If it’s not broken…

Farmers and ranchers are a resourceful lot. Their widespread reputation for fixing almost anything anywhere – often with little more than baling wire and spit – is well-earned and greatly admired. One thing these masters of the mechanical don’t do, however, is fix what isn’t broken. No farmer or rancher wastes either sweat or bubble gum on tires that aren’t

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You’re getting warmer…

In a White House Rose Garden ceremony June 1, President Donald Trump announced he would pull the U.S. from the Paris treaty on global climate change. It was a matter of national sovereignty, explained Trump. Or, as he colorfully noted, “I was elected to represent the citizens of Pittsburgh, not Paris.”
True, but he was elected to represent Paris, IL; Paris,

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Meat and money always cooks up corruption

Political scandals in Brazil — like much in the fast-growing, global food giant — are so bold and so far out bounds that calling them “outrageous” slanders their perpetrators. Moreover, the scandals occur so frequently that it seems Brazil requires political chicanery and bribery to even function. The latest evidence involves JBS SA, the Brazilian meatpacker that dominates global poultry

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Trump’s butcher shop

Donald Trump may want to “Make America Great Again,” but his just-proposed 2018 budget contains no plans to make rural America or the nation’s less fortunate great again. In fact, according to the Trump administration’s budget blueprint, American farmers, ranchers, and down-on-their-luck citizens must achieve greatness with trillions less in government support so it and Congress can bestow a trillion-dollar

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The artlessness of the deal…

What Trump administration appointees lack in reticence they make up for in certitude. Take Secretary of Agriculture Sonny Perdue. Just two weeks after being shown his stately office at the USDA South Building, Perdue announced a major makeover of it: he invoked a 2014 Farm Bill directive to create a new USDA post, undersecretary of trade, by eliminating an existing

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Ag's greatest innovation

In my youth, May brought two noticeable changes to the big Lutheran church my family faithfully attended. The first was heat. No building on earth better held daytime heat from Mother’s Day through Reformation Day than that century-old house of worship. The second was the season’s short-sleeved parade of lost limbs, a brutal testament to the unforgiving and unshielded farm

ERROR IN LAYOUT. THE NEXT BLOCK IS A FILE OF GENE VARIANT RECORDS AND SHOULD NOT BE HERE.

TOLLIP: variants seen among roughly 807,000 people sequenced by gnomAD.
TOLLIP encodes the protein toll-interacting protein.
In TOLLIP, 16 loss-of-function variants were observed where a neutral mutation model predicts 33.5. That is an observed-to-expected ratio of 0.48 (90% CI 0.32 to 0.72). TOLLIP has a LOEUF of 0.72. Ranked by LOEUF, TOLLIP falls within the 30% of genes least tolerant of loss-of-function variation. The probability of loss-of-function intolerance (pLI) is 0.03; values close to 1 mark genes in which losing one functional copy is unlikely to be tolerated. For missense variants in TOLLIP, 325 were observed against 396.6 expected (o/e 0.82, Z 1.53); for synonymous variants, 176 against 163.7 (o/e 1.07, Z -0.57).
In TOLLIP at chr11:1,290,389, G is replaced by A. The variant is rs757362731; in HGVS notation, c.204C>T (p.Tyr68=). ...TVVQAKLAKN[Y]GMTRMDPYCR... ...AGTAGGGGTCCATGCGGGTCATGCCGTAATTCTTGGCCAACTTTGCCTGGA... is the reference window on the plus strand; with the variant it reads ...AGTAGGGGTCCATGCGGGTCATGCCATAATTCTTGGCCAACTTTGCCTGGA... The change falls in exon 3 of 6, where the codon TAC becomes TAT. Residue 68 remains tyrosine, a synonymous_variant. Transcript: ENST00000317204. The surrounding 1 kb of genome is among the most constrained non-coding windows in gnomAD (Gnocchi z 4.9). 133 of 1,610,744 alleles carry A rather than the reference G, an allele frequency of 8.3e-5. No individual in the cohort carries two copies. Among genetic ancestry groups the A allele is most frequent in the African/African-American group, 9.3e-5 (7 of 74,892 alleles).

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Pass the biscuits… and the buck…

Leave it to the language experts at England’s Oxford Dictionaries to come up with a two-word “Word of the Year” for 2016.
That (those) word(s) is (are) “post-truth.”
Post-truth, explain the Oxford experts, is “defined as ‘relating to or denoting circumstances in which objective facts are less influential in shaping public opinion than appeals to emotion and personal belief.’”
A food example might

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The numbers aren't adding up… By Alan Guebert According to numbers compiled and published by Agri-Pulse, the Washington D.C.-based ag news service, the top bosses at ag-centered commodity groups and federally-chartered checkoff agencies had far b

The numbers aren\’t adding up…

By Alan Guebert

According to numbers compiled and published by Agri-Pulse, the Washington D.C.-based ag news service, the top bosses at ag-centered commodity groups and federally-chartered checkoff agencies had far better recent years than the farmers and ranchers they claim to serve. For example, Agri-Pulse\’s annual compensation report published last September noted that Steve Censky, CEO

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Courting courage…

On April 10, Art Cullen of the Storm Lake (IA) Times was awarded the 2017 Pulitzer Prize in Editorial Writing. His work, explained the Pulitzer board, “fueled by tenacious reporting, impressive expertise, and engaging writing… successfully challenged the powerful corporate agricultural interests in Iowa.”

Challenged, yes; beat ’em, no.

Cullen — who co-owns the tiny, twice-weekly Times (circulation: 3,000) with his brother

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There goes the neighborhood…

There goes the neighborhood…

By Alan Guebert

Farmers and ranchers pride themselves on neighborliness… and rightly so. Rare is the season, after all, when the local newspaper or radio station doesn\’t carry a lump-in-the-throat story explaining how neighbors of an ill or injured member of a farm or ranch family gathered for a day or two to do a month or

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